Evan was a Yankees fan. He was a serpent in the Garden of Avnet in baseball terms. Everybody was a Mets fan in those days. Everybody at camp, anyway. Thus everybody was excited to get on that bus and ride to Shea and see the Mets play the Astros. Evan, however, was the iconoclast in our group. Evan didn’t root for the Mets.
I found that bizarre to the point of insulting. Why would anybody around here not root for the Mets? Kids in Chicago or Pittsburgh, sure, but we’re not there. We’re here. Why would anybody around here not root for my happiness? Root against my happiness? Evan wasn’t one of those “I like both teams” kids, either. He let you know who he was for and who he was against. I didn’t generally make a thing of who I was against because you hardly ever came up against their supporters.
But I had now.
I had known maybe one or two of “his kind” in elementary school to that point, but I wrote them off as sociopaths, cranks or a little dim. Evan was too nice and too smart to be so summarily dismissed among the Yankee rabble. We got along great despite our differences. He was, in the space of eight weeks worth of swimming, arts & crafts and a bus trip to a ballpark, the best friend I made that summer. I even went over to his apartment — his family lived adjacent to the boardwalk in Long Beach — one Sunday to hang out, something I didn’t do much with anybody at that age. I remember he had displayed in is room the same full-color caricatures of ballplayers that I had been collecting. These were the illustrations that had been running in the News every Sunday throughout the summer of 1973, the ones Bruce Stark drew of the Mets and the Yankees. I saved those pages because they half-featured the Mets.
But Evan preferred the halves that featured the Yankees. Like I said, bizarre.
As 10-year-olds, our allegiances were never far from our collective consciousness. We were 10. We talked about baseball. What else were we going to talk about? (As opposed to now, when I’m 50, and I’m so much more well-rounded.) Evan never seemed malicious but could dwell a bit on the acerbic side. He didn’t mind making note that as the summer of 1973 wore on, his team resided in first place in its division and my team wallowed in last place.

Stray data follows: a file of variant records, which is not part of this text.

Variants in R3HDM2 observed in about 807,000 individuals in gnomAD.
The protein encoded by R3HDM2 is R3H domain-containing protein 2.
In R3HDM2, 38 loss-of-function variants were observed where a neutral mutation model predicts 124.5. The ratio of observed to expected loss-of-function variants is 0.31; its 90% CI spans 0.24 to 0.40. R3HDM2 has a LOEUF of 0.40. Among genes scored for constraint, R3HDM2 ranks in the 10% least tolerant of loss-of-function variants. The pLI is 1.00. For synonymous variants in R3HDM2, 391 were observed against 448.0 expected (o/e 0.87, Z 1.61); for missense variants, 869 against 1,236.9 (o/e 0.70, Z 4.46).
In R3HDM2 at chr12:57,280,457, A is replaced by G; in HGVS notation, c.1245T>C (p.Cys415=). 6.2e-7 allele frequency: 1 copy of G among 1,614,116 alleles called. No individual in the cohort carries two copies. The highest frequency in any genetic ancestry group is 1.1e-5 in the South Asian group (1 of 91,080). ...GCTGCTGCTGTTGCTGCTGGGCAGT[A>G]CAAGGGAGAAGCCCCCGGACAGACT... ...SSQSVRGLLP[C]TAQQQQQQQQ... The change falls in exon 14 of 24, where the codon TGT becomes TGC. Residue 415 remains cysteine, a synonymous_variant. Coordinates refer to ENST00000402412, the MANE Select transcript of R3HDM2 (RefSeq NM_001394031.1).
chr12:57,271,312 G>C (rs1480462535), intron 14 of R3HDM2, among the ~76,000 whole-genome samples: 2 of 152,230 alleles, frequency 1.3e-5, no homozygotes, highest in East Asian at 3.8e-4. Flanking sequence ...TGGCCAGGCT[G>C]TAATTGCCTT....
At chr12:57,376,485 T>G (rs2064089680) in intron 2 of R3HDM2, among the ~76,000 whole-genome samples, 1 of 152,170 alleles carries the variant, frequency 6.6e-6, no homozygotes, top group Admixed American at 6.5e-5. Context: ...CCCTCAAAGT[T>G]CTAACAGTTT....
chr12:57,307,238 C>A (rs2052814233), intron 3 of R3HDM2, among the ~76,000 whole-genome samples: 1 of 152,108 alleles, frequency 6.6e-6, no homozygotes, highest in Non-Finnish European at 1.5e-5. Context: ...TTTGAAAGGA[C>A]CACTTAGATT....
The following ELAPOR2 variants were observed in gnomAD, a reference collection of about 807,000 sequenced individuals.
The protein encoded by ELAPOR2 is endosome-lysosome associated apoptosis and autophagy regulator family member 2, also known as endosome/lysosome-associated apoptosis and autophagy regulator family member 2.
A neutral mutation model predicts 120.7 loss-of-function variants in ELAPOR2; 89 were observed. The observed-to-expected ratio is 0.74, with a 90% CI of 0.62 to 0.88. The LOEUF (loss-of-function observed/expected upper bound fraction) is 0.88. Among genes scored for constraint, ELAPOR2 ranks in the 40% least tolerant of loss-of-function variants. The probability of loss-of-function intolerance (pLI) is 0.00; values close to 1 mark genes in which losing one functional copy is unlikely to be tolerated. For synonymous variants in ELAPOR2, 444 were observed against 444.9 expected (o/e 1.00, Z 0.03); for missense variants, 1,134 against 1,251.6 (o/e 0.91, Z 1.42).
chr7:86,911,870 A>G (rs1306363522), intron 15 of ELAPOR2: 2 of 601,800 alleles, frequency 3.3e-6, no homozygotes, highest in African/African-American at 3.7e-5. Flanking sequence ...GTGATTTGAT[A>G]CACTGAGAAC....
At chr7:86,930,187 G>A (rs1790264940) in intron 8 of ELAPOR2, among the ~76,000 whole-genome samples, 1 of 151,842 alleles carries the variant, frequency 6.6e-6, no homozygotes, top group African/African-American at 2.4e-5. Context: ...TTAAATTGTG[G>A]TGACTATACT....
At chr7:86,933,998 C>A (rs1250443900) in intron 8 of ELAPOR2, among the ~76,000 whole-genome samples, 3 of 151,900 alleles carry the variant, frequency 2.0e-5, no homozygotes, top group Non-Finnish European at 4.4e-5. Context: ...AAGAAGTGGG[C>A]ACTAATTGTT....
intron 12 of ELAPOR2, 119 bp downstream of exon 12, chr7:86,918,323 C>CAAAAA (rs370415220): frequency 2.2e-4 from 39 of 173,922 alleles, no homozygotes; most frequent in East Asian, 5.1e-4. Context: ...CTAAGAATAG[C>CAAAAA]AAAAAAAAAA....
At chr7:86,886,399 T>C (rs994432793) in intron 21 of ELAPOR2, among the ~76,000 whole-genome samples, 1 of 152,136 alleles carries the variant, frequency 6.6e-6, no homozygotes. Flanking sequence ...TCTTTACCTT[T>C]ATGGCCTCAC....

I liked Evan but I didn’t like that. And as August became September, and the Mets began climbing out of the basement and into the pennant race, I had my eye on two sets of standings. I wanted the Mets to win the National League East and I just as badly wanted the Yankees to lose the American League East. Not just not finish first but fall as far from the top as they could.
I got both my wishes. The Mets won their division, their league and almost the World Series. The Yankees plummeted to fourth, 17 games behind the Orioles, saddled with a losing record no less. You gotta believe it was perfect.
No, actually, it would get more perfect. As the postseason unfurled, Evan and I were in different schools, so our first opportunity for a chance meeting arose the following winter at the Hebrew Academy. To encourage return business, the school would hold a “camp reunion,” inviting back those who spent the previous summer there to get reacquainted with the idea. “Reunion” seemed kind of a stretch to use when talking about 11-year-olds getting together, but we got a notice in the mail, I told my parents I’d like to go and my father drove me across town and dropped me off for the festivities.